Features: The .38 caliber revolver is a pistol in which a rotating cylinder presents six loaded chambers to the
barrel for discharge in succession. There are several models with 2-inch and 4-inch barrels in service. At least one of each barrel
length is made by Colt, Ruger, or Smith and Wesson. The 2-inch barrel weapons are used by CID and counterintelligence personnel, and the
4-inch barrel weapons are used by aviators. The 4-inch barrel models are by far the most common in the Marine Corps.
All revolvers are cylinder-loaded, exposed-hammer, selective double-action, hand weapons. The revolving cylinder with 6 chambers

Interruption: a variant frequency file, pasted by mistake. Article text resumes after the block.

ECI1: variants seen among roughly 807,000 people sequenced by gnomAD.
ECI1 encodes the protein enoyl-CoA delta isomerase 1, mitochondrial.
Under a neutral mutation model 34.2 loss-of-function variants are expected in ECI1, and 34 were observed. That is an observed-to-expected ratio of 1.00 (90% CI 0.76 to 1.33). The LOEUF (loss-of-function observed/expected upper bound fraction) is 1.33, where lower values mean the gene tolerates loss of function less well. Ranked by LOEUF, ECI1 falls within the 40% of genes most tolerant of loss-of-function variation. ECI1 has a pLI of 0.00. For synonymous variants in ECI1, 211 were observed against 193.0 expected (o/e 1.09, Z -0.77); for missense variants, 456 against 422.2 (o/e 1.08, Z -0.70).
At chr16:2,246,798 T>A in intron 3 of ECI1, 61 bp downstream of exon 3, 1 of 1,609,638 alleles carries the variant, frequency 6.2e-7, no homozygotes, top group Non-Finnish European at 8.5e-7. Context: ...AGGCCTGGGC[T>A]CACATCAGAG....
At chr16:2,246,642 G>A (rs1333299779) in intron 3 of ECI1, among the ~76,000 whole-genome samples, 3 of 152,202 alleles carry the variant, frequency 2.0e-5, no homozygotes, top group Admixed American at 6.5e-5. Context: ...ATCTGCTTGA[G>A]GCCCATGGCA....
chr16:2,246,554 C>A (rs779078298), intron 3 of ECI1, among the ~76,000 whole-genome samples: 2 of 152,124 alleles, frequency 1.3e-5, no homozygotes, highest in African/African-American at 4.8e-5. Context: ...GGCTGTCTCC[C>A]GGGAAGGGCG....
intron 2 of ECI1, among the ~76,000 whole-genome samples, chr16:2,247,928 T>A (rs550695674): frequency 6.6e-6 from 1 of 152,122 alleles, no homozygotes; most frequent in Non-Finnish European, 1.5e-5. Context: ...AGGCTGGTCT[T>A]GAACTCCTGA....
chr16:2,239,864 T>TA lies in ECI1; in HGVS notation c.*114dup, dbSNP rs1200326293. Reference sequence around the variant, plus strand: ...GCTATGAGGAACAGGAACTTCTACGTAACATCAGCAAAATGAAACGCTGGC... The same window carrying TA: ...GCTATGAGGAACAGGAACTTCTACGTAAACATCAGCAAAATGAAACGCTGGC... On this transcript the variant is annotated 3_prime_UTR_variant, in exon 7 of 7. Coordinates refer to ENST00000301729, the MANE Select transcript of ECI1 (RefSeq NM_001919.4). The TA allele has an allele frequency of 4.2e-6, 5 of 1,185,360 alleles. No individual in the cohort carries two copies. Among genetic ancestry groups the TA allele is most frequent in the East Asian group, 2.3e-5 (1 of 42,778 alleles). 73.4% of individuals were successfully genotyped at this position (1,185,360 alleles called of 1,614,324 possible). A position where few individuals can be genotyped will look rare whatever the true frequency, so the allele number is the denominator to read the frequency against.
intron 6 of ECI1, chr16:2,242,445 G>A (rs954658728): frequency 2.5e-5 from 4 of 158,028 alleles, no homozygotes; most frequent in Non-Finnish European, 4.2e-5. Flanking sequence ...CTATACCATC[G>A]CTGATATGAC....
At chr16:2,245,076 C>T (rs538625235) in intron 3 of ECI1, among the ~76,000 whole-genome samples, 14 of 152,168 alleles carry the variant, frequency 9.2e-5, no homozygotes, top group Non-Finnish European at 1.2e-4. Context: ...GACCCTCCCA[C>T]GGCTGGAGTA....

permits firing 6 shots without reloading. The action of cocking the hammer causes the cylinder to rotate and align the next
chamber with the barrel. At the full cocked position, the revolver is ready to fire in the single action mode by a
"light" squeeze on the trigger. If the hammer is not in the full cocked position, the revolver may be fired
"double action" by a longer, heavier squeeze on the trigger.
Background: Modern .38 caliber revolvers have been in service since World War II (Colt and Smith & Wesson).
Ruger revolvers entered service during the 1970s. During the mid-1980s, the M9 9mm semiautomatic pistol began replacing revolvers.
POC: Headquarters Marine Corps, Division of Public Affairs, 2 Navy Annex, Washington, DC 20380-1775; (703) 614-6251.
Date last modified: 11/30/95